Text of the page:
Unfortunately, BJU soon scuppered my plans for a sizeable investment by announcing it would buy back up to 7.5% of its share count.

The share price quickly jumped and available stock then became quite hard to buy… and I’ve therefore been left with an annoyingly small holding.

Anyway, I am in at 325p including all costs and I hope to buy more in the future. I plan to write up my reasons for buying BJU in the weeks ahead.

Among my other holdings, I have not bought or sold a single share.

I trust I will exit this share with a nice cash sum 

As usual I have kept tabs on all of my existing holdings — trying to seek out bargain buys just in case.

Here is a summary of all the developments:

* Satisfactory results from Mountview EstatesCastings and Andrews Sykes;

* Acceptable results from World Careers Network and Mincon;

* Lacklustre results from RecordElectronic Data Processing and Getech, and;

* Nothing of significance from BrainJuicerCity of London Investment, Daejan, French Connection, FW Thorpe, M Winkworth, Tasty and Tristel.

Probably the best news to emerge during the quarter came from Electronic Data Processing. This micro-cap software business has essentially put itself up for sale and I trust I will soon be able to exit this share with a nice cash sum.

I then hope to recycle any EDP proceeds into some of my existing, smaller positions — such as Mincon, Andrews Sykes and BrainJuicer — assuming their share prices offer decent value at the time. I own 16 shares right now and I am still keen on tightening up my portfolio.

He wore ‘double denim’ and gave me a straw to clutch

These past three months have seen me out and about in central London attending no less than five AGMs. The companies involved were M Winkworth, BrainJuicer, French Connection, Tasty and Andrews Sykes.

A few general observations about these meetings:

* I gained entrance to all of the AGMs without any representation letter from my nominee broker (a print-out of my online portfolio sufficed as proof of being a shareholder);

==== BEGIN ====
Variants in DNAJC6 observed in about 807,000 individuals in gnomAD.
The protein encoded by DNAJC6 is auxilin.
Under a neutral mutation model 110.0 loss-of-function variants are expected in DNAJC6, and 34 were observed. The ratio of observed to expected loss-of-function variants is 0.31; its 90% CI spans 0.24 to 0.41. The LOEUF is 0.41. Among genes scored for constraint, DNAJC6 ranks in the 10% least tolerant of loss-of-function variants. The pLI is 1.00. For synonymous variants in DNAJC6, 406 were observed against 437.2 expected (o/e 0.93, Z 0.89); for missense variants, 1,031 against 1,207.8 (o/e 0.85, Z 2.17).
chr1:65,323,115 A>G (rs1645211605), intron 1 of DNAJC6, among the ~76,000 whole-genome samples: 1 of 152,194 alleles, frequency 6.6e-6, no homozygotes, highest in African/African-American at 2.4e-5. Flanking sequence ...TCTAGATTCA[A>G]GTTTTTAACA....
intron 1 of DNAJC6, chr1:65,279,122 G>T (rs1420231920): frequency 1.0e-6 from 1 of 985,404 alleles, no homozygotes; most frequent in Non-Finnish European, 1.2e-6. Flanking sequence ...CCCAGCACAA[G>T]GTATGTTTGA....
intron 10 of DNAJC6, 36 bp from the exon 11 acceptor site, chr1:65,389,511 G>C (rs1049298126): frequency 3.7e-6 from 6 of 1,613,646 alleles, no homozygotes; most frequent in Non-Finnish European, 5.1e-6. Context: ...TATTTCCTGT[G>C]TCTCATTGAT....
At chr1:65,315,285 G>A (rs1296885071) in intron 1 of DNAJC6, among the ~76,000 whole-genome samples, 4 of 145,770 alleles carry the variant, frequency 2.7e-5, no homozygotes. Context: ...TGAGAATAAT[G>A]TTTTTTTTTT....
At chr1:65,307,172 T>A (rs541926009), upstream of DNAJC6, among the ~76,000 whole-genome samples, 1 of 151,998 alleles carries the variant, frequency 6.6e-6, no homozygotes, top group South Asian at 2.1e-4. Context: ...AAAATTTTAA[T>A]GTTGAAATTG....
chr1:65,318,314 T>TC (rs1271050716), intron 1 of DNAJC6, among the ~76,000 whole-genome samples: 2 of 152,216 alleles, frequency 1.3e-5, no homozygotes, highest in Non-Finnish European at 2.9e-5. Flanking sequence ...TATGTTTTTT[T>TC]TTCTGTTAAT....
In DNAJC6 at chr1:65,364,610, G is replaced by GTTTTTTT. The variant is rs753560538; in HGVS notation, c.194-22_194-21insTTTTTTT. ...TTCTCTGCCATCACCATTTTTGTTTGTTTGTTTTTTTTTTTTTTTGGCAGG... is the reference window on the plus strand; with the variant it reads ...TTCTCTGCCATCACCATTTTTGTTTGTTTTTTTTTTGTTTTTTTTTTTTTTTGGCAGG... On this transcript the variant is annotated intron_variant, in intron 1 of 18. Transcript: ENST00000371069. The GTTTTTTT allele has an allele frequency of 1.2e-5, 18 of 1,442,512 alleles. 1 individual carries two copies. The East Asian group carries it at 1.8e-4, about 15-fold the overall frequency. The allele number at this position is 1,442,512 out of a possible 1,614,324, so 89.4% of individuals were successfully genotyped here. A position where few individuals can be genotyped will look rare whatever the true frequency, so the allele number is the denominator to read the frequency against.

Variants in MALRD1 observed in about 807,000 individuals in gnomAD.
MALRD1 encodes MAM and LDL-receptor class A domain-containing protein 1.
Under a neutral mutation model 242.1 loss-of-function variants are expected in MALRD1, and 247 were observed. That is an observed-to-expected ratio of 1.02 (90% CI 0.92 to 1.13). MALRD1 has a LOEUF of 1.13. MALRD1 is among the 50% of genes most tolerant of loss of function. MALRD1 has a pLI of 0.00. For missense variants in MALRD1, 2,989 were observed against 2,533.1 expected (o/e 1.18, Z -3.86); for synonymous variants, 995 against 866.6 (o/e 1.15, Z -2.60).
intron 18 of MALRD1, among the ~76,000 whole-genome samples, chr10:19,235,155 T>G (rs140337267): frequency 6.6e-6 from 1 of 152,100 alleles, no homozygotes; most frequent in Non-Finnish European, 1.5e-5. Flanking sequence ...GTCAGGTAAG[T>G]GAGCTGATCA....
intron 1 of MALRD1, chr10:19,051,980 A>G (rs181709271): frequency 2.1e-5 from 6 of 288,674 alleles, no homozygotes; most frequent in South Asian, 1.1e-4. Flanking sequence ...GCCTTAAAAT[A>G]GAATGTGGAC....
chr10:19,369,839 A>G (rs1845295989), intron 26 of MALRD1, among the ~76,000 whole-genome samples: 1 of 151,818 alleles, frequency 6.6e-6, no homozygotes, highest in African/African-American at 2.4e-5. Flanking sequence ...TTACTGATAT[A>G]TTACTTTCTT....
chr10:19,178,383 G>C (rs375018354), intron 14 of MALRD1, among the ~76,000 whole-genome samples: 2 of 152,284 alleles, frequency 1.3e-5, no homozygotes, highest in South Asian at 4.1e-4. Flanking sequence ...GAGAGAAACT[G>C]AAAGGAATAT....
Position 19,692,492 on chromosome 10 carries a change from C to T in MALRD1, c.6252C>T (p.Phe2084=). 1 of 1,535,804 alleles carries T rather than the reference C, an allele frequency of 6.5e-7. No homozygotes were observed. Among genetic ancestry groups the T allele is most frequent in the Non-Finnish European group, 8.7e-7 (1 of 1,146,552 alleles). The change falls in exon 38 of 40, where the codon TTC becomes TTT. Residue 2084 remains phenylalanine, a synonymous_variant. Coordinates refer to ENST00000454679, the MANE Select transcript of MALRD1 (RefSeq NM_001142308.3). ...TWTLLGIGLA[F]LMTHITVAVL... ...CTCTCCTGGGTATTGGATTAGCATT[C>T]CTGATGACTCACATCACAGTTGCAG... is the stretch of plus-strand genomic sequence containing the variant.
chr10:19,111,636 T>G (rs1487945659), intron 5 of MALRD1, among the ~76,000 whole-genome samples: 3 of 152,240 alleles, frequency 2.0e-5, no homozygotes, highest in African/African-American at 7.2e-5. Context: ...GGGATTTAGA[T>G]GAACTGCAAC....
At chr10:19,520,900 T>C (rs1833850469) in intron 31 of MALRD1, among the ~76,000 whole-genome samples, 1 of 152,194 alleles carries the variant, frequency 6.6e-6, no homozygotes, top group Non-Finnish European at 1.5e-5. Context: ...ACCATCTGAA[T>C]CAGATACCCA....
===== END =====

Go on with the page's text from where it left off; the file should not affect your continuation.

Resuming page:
* Attendance was muted — there were no more than three external shareholders at each of the meetings;

* The general absence of other shareholders meant I was glad to have attended armed with my own questions, and;

* All five meetings allowed decent conversations with (most of) the directors.

Links to my recollections of four of the meetings are below:

* M Winkworth
* French Connection
* Tasty
* Andrews Sykes

I have not written up my BrainJuicer AGM notes, but the fellow attendee there was ace investment writer Richard Beddard — who gave his verdict here.

Sadly there were no amazing revelations disclosed at the five meetings, but I did enjoy a bit more of an understanding of each company and a few snippets of useful information.

One highlight in particular was having five minutes talking to Christos Angelides, the ex-group product director of Next, who is now a non-exec at French Connection.

Kitted out in ‘double denim’, Mr Angelides acknowledged he was assisting French Connection with its fashion ranges — albeit in a small way. Some say Mr Angelides was the “power behind the throne at Next, so any help from him should be welcomed.

I came away feeling it was a straw I could clutch onto during French Connection’s ever-lengthening turnaround.

Anyway, my next trip out is to visit Tristel on 21st July for the company’s shareholder open day.

As well as touring around the factory, I’d like to get to the bottom of what happened earlier this year with management’s greedy option scheme.

I suspect the board has already prepared a ‘charm offensive’ on that matter… and a satisfactory trading update on the same day will undoubtedly quell some of the awkward questions.

Right, that’s it for this quarter. I now need to crack on and recoup this year’s losses.

Until next time, I wish you happy and profitable investing!

Maynard Paton

Disclosure: Maynard owns shares in Andrews Sykes, BrainJuicer, Castings, City of London Investment, Daejan, Electronic Data Processing, French Connection, Getech, Mincon, Mountview Estates, Record, Tasty, FW Thorpe, Tristel, M Winkworth and World Careers Network.

4 thoughts on “Q2 2016: 3 Top-Ups And 5 AGMs”

  1. Hello Maynard,

    I do enjoy reading your posts, and I know others do too, so please keep it up!

    “At the end of March I was down 5% and by today’s close I was down 10%.” – If it’s any consolation, my own performance this year has been worse than this (down about 20% YTD), not least of all because I stumbled into Brexit with a portfolio stuffed with small cap consumer cyclicals and housebuilders, little cash and no thought of hedging! Hopefully I’ll remember this for next time.